Dr. Taleb Mokari awarded Krill Prize for Excellence in Scientific Research

Dr. Taleb Mokari, a senior lecturer at BGU's Department of Chemistry and a member of the Ilse Katz Institute for Nanoscale Science and Technology, has been awarded a prestigious Krill Prize for Excellence in Scientific Research 2011.

Dr. Mokari received the Prize for his work on developing novel nanostructures for renewable energy applications.

Mokari received a Bachelor's degree in 2000, a M.Sc. in Physical Chemistry in 2002 and a Ph.D. 2006 from the Hebrew University of Jerusalem under the supervision of Uri Banin; his thesis was awarded summa cum laude. He was a Fulbright and an Ilan Ramon postdoctoral fellow with Peidong Yang at the University of California, Berkeley for one year, and joined the Molecular Foundry at Lawrence Berkeley National Laboratory as a staff scientist in 2007. He joined the Department of Chemistry and the Ilse Katz Institute for Nanoscience and at BGU in 2009. His research focuses on the chemical and physical properties of inorganic nanostructures. His group specializes on synthesizing nanostructures, investigating their fundamental physical and chemical properties, and studying their potential applications for renewable energy.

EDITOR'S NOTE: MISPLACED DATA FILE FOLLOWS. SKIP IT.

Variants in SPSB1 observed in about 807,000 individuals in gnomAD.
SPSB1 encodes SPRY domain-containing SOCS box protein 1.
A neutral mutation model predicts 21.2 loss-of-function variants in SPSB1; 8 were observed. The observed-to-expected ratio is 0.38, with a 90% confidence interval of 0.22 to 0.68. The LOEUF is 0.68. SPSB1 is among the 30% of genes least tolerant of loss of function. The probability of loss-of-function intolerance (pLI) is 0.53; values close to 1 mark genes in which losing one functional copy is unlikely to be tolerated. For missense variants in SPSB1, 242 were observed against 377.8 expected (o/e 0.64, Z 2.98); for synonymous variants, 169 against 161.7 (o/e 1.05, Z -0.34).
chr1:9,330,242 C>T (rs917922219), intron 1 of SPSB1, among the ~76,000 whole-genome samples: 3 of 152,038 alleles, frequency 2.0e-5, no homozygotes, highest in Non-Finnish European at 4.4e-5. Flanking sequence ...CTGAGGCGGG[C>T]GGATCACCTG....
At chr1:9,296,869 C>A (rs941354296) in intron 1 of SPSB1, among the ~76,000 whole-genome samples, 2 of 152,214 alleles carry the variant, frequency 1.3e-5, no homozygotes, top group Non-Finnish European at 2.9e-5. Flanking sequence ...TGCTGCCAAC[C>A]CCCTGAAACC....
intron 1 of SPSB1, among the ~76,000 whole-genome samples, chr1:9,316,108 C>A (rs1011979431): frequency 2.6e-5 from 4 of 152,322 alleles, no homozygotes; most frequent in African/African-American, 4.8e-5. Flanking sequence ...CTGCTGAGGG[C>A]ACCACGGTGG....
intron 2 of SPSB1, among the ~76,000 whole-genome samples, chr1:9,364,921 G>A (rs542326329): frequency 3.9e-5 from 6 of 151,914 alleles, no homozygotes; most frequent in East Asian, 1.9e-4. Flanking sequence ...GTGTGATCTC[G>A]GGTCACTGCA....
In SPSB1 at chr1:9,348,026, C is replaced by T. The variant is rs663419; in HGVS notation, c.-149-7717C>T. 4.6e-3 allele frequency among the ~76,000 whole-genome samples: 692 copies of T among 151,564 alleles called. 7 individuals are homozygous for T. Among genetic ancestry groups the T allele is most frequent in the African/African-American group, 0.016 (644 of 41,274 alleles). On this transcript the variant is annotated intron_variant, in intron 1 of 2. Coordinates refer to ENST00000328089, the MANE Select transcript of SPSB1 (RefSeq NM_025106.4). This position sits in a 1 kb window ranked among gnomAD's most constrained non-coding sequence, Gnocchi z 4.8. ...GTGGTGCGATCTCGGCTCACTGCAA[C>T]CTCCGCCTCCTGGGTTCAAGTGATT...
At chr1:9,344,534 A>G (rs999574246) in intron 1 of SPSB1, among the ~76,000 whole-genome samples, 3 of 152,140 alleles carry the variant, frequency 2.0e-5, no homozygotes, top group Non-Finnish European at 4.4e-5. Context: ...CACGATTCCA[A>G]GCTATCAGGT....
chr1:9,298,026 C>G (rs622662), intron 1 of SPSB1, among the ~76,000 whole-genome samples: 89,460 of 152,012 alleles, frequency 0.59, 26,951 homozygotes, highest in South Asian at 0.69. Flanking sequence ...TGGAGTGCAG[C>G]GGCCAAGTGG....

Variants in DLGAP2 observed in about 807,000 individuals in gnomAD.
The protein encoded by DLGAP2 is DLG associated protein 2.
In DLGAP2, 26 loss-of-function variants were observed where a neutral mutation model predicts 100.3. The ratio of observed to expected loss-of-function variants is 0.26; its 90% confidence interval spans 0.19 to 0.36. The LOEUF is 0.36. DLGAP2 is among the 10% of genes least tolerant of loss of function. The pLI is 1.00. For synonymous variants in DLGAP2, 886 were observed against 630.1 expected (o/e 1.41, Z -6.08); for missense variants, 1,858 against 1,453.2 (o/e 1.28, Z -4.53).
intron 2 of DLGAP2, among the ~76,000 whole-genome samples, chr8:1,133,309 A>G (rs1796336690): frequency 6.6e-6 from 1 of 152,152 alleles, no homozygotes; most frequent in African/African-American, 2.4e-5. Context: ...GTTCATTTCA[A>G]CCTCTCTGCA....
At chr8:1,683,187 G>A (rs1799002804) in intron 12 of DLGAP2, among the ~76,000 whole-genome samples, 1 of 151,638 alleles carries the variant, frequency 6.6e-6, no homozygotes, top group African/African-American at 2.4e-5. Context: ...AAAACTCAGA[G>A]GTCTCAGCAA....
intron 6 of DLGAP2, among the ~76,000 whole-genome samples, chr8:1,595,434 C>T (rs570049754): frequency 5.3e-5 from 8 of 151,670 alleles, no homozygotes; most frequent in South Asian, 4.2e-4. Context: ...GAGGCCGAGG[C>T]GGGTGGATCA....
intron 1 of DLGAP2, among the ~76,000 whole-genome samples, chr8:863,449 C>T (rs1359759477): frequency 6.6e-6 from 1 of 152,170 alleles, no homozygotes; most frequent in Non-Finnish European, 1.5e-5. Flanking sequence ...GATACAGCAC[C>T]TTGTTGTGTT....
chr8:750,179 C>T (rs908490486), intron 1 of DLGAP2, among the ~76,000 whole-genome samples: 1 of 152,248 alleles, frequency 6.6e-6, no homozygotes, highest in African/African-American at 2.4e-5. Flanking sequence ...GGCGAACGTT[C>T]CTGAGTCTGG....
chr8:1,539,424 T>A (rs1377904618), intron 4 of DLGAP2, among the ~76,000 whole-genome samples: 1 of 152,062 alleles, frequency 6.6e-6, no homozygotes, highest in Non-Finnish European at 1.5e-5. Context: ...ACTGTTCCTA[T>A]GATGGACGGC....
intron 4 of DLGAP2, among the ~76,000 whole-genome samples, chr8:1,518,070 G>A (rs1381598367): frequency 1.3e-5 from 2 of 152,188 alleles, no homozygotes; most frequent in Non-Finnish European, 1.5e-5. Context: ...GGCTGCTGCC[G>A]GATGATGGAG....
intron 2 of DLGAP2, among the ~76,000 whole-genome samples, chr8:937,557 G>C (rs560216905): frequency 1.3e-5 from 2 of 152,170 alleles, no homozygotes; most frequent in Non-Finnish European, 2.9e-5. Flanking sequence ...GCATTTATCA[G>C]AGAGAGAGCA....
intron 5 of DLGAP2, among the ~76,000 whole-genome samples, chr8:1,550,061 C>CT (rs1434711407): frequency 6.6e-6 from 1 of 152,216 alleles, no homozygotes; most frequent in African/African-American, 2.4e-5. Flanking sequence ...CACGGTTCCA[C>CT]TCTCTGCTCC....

He has received the Chorofas Award (2004), the Eshkol Scholarship from the Ministry of Science, Israel (2005-2007), the Intel-Dean Prize (2005), the Kaye Award for Innovation (2005), the Israel Chemical Society Award (2006), the Schlomiuk Prize for Outstanding Ph.D. Thesis (2007), the Fulbright Fellowship for Postdoctoral Studies (2006-2007), Ilan Ramon Fellowship for the best Fulbright Fellow (2007), the IUPAC Prize for Young Chemists (2006), Dean's honors for excellent researcher from the Faculty of Natural Sciences at BGU (2010), and a Ma’of Fellowship established by the Kahanoff Foundation (2011).

Initiated in 2005 by the Krill family, six prizes, of $10,000 each, are awarded annually, in Exact Sciences, Life Sciences, Medicine, Agriculture and Engineering, to excelling faculty members at the Universities in Israel, who hold the untenured positions of Lecturer, or Senior Lecturer. Selection is made by the Wolf Foundation Scholarships Committee on the basis of the candidate's excellence and the importance of his or her field of research.

The Wolf Foundation was established in 1975 by inventor, diplomat and philanthropist Dr. Ricardo Wolf, "to promote science and art for the benefit of mankind." Since 1978, the Wolf Prizes have been awarded annually to outstanding scientists and artists - irrespective of nationality, race, color, religion, sex or political views - for achievements in the interest of mankind and friendly relations among peoples.